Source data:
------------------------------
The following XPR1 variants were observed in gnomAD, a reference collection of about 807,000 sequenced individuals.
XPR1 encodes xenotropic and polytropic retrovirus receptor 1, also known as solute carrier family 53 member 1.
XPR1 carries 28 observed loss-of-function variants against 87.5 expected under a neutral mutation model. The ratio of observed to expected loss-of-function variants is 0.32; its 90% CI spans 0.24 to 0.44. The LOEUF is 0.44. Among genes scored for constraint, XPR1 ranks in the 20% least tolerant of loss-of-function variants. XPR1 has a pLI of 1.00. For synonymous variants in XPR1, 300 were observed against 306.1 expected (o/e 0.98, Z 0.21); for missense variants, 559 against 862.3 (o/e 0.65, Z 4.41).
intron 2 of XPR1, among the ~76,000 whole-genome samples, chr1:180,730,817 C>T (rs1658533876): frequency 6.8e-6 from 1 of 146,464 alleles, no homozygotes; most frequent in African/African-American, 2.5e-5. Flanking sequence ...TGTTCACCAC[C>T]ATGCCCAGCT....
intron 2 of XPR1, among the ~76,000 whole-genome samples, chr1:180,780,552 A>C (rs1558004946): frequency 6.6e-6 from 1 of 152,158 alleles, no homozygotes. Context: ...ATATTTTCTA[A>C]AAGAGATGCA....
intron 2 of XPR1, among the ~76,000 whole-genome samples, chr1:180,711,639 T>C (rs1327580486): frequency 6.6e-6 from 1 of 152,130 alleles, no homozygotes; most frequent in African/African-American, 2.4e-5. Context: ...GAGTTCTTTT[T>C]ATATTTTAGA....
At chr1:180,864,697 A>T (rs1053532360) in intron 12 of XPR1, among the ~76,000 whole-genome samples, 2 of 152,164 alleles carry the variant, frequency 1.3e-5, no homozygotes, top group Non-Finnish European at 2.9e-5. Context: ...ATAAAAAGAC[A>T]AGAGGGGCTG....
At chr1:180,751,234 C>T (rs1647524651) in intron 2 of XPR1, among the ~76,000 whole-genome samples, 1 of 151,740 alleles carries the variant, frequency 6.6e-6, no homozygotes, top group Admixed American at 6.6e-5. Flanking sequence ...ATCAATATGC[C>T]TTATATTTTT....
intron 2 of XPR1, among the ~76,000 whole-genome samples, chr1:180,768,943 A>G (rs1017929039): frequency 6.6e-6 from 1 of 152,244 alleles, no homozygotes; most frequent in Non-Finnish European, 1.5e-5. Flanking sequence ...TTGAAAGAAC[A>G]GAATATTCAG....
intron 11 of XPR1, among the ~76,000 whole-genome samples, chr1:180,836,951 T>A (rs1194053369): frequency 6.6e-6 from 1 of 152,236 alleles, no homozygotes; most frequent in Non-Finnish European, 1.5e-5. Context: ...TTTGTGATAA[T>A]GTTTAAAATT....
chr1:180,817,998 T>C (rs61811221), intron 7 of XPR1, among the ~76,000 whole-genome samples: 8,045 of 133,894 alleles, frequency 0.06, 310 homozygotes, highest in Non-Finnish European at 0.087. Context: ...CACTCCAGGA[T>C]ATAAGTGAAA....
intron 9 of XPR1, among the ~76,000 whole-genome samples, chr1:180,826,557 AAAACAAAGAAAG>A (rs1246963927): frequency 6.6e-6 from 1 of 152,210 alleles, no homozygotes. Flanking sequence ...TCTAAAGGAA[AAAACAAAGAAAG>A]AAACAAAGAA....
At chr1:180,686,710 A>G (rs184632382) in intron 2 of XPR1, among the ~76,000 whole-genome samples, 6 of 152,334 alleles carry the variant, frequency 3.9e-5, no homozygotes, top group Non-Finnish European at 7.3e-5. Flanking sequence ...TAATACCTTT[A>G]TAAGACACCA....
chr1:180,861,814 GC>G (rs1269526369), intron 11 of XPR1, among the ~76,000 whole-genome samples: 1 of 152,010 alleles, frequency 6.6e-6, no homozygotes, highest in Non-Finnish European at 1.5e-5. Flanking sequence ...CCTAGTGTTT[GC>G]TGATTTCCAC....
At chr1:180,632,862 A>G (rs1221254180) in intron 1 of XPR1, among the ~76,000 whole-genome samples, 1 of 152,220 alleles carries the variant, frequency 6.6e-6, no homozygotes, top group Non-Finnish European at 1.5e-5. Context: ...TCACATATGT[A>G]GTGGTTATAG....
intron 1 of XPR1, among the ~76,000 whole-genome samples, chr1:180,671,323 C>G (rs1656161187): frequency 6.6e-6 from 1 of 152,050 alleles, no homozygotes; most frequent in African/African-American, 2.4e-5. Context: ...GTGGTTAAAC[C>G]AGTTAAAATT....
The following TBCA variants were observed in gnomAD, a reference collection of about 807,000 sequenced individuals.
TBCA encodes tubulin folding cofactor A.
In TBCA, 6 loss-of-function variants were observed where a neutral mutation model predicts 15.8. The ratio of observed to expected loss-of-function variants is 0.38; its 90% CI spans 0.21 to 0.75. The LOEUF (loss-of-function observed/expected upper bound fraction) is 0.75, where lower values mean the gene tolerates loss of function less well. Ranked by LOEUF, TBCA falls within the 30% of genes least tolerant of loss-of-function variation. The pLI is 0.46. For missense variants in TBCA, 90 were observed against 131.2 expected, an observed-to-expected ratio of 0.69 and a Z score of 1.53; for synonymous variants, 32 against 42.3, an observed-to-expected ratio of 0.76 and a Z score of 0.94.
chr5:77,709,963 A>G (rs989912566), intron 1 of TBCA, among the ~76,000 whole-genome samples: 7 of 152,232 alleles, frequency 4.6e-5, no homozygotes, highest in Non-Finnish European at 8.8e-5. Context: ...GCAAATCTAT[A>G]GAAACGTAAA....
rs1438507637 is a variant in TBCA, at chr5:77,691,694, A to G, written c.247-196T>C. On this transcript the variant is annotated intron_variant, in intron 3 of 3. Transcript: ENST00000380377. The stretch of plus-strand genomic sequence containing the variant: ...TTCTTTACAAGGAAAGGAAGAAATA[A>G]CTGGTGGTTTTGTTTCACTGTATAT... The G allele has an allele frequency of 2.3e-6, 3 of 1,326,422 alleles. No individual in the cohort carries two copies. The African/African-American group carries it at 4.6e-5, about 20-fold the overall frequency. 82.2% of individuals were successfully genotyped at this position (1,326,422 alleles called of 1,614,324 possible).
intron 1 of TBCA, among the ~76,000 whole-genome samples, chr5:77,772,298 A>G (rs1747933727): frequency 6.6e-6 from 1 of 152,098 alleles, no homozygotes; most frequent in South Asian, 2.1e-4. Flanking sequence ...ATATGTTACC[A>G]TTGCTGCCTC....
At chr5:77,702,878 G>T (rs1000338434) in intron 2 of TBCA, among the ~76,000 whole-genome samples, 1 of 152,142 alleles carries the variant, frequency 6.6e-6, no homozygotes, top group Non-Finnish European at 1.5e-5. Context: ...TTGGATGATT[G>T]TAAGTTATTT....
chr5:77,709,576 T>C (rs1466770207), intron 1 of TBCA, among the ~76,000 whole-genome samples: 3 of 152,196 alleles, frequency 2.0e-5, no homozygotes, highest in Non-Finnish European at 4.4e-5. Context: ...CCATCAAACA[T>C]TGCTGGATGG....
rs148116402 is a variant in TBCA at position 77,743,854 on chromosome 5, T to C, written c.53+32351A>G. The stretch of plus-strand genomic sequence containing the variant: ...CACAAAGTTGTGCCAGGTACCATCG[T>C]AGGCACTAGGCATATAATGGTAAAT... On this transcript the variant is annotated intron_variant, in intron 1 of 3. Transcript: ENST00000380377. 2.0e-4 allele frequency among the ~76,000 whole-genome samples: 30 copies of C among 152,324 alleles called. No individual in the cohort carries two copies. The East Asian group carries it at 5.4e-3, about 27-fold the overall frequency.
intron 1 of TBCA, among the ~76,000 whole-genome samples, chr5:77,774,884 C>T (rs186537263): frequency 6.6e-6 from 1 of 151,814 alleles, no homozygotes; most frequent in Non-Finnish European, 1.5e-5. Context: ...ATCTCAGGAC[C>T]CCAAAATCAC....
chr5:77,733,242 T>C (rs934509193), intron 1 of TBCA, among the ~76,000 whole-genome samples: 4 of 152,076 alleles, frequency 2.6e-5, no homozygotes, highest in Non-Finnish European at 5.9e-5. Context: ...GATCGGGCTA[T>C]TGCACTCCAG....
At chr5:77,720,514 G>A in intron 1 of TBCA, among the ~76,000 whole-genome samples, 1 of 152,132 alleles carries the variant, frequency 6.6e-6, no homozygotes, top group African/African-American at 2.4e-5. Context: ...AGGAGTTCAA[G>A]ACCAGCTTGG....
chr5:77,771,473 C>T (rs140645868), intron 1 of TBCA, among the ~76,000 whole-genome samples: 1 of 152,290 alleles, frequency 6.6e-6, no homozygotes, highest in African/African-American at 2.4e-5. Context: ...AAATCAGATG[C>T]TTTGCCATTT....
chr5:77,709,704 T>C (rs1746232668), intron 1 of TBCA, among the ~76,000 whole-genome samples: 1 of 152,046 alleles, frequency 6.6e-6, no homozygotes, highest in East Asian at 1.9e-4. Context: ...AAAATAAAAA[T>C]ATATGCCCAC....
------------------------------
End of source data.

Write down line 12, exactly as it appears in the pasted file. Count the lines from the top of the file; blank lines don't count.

intron 9 of XPR1, among the ~76,000 whole-genome samples, chr1:180,826,557 AAAACAAAGAAAG>A (rs1246963927): frequency 6.6e-6 from 1 of 152,210 alleles, no homozygotes. Flanking sequence ...TCTAAAGGAA[AAAACAAAGAAAG>A]AAACAAAGAA....